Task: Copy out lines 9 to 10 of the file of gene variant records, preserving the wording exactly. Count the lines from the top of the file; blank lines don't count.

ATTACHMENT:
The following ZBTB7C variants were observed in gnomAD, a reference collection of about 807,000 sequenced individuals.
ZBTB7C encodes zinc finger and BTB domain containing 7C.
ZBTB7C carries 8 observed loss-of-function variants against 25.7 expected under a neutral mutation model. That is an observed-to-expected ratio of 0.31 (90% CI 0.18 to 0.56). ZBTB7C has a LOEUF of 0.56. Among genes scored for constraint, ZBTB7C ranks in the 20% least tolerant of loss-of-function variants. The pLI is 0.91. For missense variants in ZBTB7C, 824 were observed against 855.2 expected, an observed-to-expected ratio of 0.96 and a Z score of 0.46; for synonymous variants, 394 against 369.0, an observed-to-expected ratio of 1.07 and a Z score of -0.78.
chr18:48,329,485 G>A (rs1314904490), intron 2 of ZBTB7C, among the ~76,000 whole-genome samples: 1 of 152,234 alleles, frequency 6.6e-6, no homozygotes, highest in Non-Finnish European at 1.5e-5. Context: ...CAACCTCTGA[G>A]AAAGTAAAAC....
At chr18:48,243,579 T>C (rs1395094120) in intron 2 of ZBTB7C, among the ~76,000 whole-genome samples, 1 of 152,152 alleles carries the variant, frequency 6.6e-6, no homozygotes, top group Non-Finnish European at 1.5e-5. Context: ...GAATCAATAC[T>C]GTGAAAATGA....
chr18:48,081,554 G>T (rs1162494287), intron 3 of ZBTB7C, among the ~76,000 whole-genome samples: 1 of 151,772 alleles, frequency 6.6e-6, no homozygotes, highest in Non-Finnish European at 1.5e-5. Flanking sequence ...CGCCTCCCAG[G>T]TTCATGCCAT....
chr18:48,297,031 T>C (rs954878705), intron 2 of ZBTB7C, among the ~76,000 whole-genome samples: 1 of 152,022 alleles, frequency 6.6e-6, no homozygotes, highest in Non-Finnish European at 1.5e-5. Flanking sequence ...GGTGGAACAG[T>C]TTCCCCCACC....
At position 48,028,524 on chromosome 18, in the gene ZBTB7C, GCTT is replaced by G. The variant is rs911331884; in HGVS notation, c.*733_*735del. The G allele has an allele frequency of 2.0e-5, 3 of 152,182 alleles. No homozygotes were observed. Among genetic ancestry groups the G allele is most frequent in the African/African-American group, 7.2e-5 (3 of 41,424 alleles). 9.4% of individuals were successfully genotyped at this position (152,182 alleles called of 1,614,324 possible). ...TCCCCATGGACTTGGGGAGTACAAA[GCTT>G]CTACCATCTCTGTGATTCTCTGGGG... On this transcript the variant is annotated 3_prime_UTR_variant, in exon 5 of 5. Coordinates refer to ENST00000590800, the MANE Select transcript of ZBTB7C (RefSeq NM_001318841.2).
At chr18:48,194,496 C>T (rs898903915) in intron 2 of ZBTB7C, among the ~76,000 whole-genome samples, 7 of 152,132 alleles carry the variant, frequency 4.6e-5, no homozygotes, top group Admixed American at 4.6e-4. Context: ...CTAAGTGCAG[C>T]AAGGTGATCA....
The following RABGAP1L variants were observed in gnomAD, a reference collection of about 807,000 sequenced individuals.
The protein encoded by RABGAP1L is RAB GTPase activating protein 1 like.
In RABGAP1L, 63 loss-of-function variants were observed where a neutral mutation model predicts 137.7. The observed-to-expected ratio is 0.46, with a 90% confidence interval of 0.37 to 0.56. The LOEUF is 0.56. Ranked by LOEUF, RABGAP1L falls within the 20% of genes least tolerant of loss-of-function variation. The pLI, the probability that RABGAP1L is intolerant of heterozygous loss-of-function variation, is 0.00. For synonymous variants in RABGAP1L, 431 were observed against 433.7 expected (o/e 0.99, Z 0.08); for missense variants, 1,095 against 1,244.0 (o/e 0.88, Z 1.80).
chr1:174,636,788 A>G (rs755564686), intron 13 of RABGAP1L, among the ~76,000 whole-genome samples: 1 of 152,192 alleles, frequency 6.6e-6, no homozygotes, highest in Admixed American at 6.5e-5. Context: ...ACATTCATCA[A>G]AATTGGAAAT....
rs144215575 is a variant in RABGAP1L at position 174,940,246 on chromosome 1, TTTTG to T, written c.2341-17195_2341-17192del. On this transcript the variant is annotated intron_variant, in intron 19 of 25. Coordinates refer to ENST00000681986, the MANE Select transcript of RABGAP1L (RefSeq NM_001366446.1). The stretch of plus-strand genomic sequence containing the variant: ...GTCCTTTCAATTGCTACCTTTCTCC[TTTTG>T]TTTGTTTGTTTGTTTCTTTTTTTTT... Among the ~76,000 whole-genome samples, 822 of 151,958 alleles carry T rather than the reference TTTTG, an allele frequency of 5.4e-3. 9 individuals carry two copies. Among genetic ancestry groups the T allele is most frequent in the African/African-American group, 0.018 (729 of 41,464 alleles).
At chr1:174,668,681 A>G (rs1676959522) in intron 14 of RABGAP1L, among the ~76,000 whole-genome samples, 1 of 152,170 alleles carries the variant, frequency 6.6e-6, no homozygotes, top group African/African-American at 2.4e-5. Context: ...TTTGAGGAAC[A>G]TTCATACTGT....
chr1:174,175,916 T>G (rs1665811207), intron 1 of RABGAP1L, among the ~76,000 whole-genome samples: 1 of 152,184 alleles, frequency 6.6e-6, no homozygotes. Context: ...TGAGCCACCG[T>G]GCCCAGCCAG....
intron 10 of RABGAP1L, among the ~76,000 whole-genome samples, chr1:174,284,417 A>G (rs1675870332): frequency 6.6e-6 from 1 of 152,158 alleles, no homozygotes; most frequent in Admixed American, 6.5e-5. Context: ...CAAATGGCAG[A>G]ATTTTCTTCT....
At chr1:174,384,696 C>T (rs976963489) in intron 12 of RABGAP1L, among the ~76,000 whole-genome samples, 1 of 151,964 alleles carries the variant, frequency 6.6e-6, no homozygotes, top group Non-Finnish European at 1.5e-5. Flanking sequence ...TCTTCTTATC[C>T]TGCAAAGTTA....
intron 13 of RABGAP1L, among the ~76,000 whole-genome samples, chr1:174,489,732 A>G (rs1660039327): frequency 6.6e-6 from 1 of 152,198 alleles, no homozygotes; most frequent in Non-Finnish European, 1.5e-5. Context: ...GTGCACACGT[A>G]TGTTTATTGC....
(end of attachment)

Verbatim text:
At chr18:48,194,496 C>T (rs898903915) in intron 2 of ZBTB7C, among the ~76,000 whole-genome samples, 7 of 152,132 alleles carry the variant, frequency 4.6e-5, no homozygotes, top group Admixed American at 4.6e-4. Context: ...CTAAGTGCAG[C>T]AAGGTGATCA....
The following RABGAP1L variants were observed in gnomAD, a reference collection of about 807,000 sequenced individuals.